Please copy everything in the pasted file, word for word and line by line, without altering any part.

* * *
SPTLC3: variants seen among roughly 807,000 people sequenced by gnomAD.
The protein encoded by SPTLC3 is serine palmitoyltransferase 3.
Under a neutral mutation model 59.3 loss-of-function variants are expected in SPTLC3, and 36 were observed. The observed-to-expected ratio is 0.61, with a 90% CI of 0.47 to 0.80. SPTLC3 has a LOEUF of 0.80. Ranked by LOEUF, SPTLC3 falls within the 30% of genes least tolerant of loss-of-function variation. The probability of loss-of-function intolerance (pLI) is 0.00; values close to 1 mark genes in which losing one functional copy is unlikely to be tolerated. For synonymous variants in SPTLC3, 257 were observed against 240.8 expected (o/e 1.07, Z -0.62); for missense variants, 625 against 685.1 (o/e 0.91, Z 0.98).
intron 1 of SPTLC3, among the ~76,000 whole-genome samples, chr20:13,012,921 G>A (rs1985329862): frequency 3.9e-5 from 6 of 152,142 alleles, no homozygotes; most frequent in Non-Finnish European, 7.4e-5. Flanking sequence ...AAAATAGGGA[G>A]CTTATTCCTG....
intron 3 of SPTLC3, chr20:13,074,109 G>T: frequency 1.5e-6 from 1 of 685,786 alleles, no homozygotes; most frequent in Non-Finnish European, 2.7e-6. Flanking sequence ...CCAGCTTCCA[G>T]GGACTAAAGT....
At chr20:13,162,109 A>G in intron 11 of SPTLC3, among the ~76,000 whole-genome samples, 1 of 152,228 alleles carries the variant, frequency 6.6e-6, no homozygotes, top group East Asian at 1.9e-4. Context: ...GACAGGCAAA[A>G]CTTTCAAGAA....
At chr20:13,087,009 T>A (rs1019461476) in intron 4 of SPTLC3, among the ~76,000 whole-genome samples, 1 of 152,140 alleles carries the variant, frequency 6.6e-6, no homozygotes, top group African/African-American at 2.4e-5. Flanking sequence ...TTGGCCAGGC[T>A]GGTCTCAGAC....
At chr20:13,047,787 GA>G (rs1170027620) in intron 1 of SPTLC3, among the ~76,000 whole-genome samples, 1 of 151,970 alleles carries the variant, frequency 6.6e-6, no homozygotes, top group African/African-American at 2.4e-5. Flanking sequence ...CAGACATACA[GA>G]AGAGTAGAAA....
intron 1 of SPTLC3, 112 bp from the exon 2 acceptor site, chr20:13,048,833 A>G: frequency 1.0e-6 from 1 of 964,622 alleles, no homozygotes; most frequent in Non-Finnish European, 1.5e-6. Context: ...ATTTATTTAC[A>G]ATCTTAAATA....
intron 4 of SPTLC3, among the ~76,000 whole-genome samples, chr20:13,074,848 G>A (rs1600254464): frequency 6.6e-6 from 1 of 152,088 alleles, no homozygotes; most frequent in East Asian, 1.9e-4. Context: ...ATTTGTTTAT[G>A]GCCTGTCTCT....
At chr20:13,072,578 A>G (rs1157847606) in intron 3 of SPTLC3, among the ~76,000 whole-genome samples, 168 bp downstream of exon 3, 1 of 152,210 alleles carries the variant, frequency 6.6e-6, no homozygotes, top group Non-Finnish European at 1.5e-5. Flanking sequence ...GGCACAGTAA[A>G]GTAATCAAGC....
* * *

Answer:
SPTLC3: variants seen among roughly 807,000 people sequenced by gnomAD.
The protein encoded by SPTLC3 is serine palmitoyltransferase 3.
Under a neutral mutation model 59.3 loss-of-function variants are expected in SPTLC3, and 36 were observed. The observed-to-expected ratio is 0.61, with a 90% CI of 0.47 to 0.80. SPTLC3 has a LOEUF of 0.80. Ranked by LOEUF, SPTLC3 falls within the 30% of genes least tolerant of loss-of-function variation. The probability of loss-of-function intolerance (pLI) is 0.00; values close to 1 mark genes in which losing one functional copy is unlikely to be tolerated. For synonymous variants in SPTLC3, 257 were observed against 240.8 expected (o/e 1.07, Z -0.62); for missense variants, 625 against 685.1 (o/e 0.91, Z 0.98).
intron 1 of SPTLC3, among the ~76,000 whole-genome samples, chr20:13,012,921 G>A (rs1985329862): frequency 3.9e-5 from 6 of 152,142 alleles, no homozygotes; most frequent in Non-Finnish European, 7.4e-5. Flanking sequence ...AAAATAGGGA[G>A]CTTATTCCTG....
intron 3 of SPTLC3, chr20:13,074,109 G>T: frequency 1.5e-6 from 1 of 685,786 alleles, no homozygotes; most frequent in Non-Finnish European, 2.7e-6. Flanking sequence ...CCAGCTTCCA[G>T]GGACTAAAGT....
At chr20:13,162,109 A>G in intron 11 of SPTLC3, among the ~76,000 whole-genome samples, 1 of 152,228 alleles carries the variant, frequency 6.6e-6, no homozygotes, top group East Asian at 1.9e-4. Context: ...GACAGGCAAA[A>G]CTTTCAAGAA....
At chr20:13,087,009 T>A (rs1019461476) in intron 4 of SPTLC3, among the ~76,000 whole-genome samples, 1 of 152,140 alleles carries the variant, frequency 6.6e-6, no homozygotes, top group African/African-American at 2.4e-5. Flanking sequence ...TTGGCCAGGC[T>A]GGTCTCAGAC....
At chr20:13,047,787 GA>G (rs1170027620) in intron 1 of SPTLC3, among the ~76,000 whole-genome samples, 1 of 151,970 alleles carries the variant, frequency 6.6e-6, no homozygotes, top group African/African-American at 2.4e-5. Flanking sequence ...CAGACATACA[GA>G]AGAGTAGAAA....
intron 1 of SPTLC3, 112 bp from the exon 2 acceptor site, chr20:13,048,833 A>G: frequency 1.0e-6 from 1 of 964,622 alleles, no homozygotes; most frequent in Non-Finnish European, 1.5e-6. Context: ...ATTTATTTAC[A>G]ATCTTAAATA....
intron 4 of SPTLC3, among the ~76,000 whole-genome samples, chr20:13,074,848 G>A (rs1600254464): frequency 6.6e-6 from 1 of 152,088 alleles, no homozygotes; most frequent in East Asian, 1.9e-4. Context: ...ATTTGTTTAT[G>A]GCCTGTCTCT....
At chr20:13,072,578 A>G (rs1157847606) in intron 3 of SPTLC3, among the ~76,000 whole-genome samples, 168 bp downstream of exon 3, 1 of 152,210 alleles carries the variant, frequency 6.6e-6, no homozygotes, top group Non-Finnish European at 1.5e-5. Flanking sequence ...GGCACAGTAA[A>G]GTAATCAAGC....